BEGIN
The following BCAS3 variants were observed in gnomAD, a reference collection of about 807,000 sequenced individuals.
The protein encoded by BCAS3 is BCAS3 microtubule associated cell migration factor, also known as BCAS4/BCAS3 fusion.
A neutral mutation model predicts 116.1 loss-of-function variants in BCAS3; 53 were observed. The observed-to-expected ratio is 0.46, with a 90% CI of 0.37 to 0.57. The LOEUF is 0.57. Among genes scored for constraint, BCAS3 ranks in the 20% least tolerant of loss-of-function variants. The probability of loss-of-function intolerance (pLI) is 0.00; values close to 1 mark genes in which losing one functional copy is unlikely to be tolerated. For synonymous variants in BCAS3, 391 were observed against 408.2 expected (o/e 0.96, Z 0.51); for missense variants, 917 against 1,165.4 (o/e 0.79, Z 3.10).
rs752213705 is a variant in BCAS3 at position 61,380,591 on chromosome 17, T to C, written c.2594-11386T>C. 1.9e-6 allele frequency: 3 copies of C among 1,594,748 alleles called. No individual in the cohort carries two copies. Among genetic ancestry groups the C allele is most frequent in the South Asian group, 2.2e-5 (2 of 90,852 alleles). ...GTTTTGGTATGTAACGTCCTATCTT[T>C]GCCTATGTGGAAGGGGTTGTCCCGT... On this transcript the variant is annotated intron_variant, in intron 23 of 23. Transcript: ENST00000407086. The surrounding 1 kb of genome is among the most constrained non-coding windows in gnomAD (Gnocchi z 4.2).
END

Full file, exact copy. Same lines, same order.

The following BCAS3 variants were observed in gnomAD, a reference collection of about 807,000 sequenced individuals.
The protein encoded by BCAS3 is BCAS3 microtubule associated cell migration factor, also known as BCAS4/BCAS3 fusion.
A neutral mutation model predicts 116.1 loss-of-function variants in BCAS3; 53 were observed. The observed-to-expected ratio is 0.46, with a 90% CI of 0.37 to 0.57. The LOEUF is 0.57. Among genes scored for constraint, BCAS3 ranks in the 20% least tolerant of loss-of-function variants. The probability of loss-of-function intolerance (pLI) is 0.00; values close to 1 mark genes in which losing one functional copy is unlikely to be tolerated. For synonymous variants in BCAS3, 391 were observed against 408.2 expected (o/e 0.96, Z 0.51); for missense variants, 917 against 1,165.4 (o/e 0.79, Z 3.10).
rs752213705 is a variant in BCAS3 at position 61,380,591 on chromosome 17, T to C, written c.2594-11386T>C. 1.9e-6 allele frequency: 3 copies of C among 1,594,748 alleles called. No individual in the cohort carries two copies. Among genetic ancestry groups the C allele is most frequent in the South Asian group, 2.2e-5 (2 of 90,852 alleles). ...GTTTTGGTATGTAACGTCCTATCTT[T>C]GCCTATGTGGAAGGGGTTGTCCCGT... On this transcript the variant is annotated intron_variant, in intron 23 of 23. Transcript: ENST00000407086. The surrounding 1 kb of genome is among the most constrained non-coding windows in gnomAD (Gnocchi z 4.2).